Before we can discuss the possibility of God's guidance to a particular kind of work, we must recognize both that God created people to work and that he commands people to work to the degree they are able. At the beginning of the Bible, God builds work into the essence of humanity. He creates people in his own image, and he himself is a worker. He puts Adam in the garden for the purpose of working it. Later, in various parts of scripture, God commands all people to work to the degree they are able. Work continues through to the very end of the Bible. There is work in the Garden of Eden, and there is work in the new heave and new earth in Revelation.
Genesis 1:27-28—"So God created humankind in his image, in the image of God he created them; male and female he created them. God blessed them, and God said to them, 'Be fruitful and multiply, and fill the earth and subdue it; and have dominion over the fish of the sea and over the birds of the air and over every living thing that moves upon the earth.'"
Genesis 2:15, 19-20—"The LORD God took the man and put him in the garden of Eden to till it and keep it. ... So out of the ground the LORD God formed every animal of the field and every bird of the air, and brought them to the man to see what he would call them; and whatever the man called every living creature, that was its name. The man gave names to all cattle, and to the birds of the air, and to every animal of the field; but for the man there was not found a helper as his partner."
Exodus 20:9—"Six days you shall labor and do all your work."
2 Thessalonians 3:10—"For even when we were with you, we gave you this command: Anyone unwilling to work should not eat."
Revelation 21:24-26—"The nations will walk by its light, and the kings of the earth will bring their glory into it. Its gates will never be shut by day—and there will be no night there. People will bring into it the glory and the honor of the nations."
Isaiah 65:21-22—"They shall build houses and inhabit them; they shall plant vineyards and eat their fruit. They shall not build and another inhabit; they shall not plant and another eat; for like the days of a tree shall the days of my people be, and my chosen shall long enjoy the work of their hands."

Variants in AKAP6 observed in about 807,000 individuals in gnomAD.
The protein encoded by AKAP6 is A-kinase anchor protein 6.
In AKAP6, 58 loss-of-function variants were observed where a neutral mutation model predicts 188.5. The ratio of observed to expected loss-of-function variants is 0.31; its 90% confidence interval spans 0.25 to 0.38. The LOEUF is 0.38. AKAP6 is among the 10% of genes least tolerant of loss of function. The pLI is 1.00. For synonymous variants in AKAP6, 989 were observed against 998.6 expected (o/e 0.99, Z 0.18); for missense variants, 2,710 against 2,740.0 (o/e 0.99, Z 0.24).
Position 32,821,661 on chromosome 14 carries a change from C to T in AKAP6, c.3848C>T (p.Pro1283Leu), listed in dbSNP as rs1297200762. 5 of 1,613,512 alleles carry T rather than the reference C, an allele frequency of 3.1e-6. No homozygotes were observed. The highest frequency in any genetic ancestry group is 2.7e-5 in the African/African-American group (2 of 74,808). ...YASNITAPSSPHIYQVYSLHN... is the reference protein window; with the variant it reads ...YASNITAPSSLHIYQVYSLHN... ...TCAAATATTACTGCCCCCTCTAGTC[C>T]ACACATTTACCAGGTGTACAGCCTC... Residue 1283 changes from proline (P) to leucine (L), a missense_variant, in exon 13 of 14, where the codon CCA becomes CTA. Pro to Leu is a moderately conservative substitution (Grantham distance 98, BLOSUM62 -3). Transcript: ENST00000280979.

Based on these passages, we could say that everyone is "called" to work, as long as we recognize that in this sense "called" really means "created" and "commanded" to work. God created you as a worker, and he commands you to work, even if he doesn't mail you a specific job offer. It can be difficult to discern the particular work God may be calling you to, but there can be no doubt that he made you as a worker and that he expects you to work, to the degree you are able.
Although we are focusing on God's call to work, work is only one element of life. God calls us to belong to Christ in every element of our lives.
Colossians 3:17—"Whatever you do, in word or deed, do everything in the name of the Lord Jesus."
Our jobs are not necessarily the most important aspect of our calling or our service in Christ's work of redemption. First, we must remember that work is not limited to paid work. The work God leads us to may be unpaid work, such as raising children or caring for a disabled family member or tutoring students after school. Even if we are called to paid work, God probably doesn't call many of us to jobs that would prevent us from also serving others through unpaid work.
Even if you have a paid job, the most important work God calls you to may be outside your job. Your job may meet your need for money — which in itself fulfills part of God's command to work — but it may not fulfill all the other purposes God has for your work. We have seen that caring for children and for aged or incapacitated people is a kind of work, and many people who do it also have another paid job. On the other hand, a so-called hobby could be the most important work God is leading you to. You might work at writing, painting, music, acting, astronomy, leading a youth group, volunteering at a historical society, maintaining a nature reserve or a thousand other kinds of work. If something like this is your calling, you will probably engage it in a more serious way than someone else to whom it is a leisure activity, yet you may still earn your living in some other way. There is a distinction between work and leisure. But any given activity could be work — paid or unpaid — for one person, and leisure for another.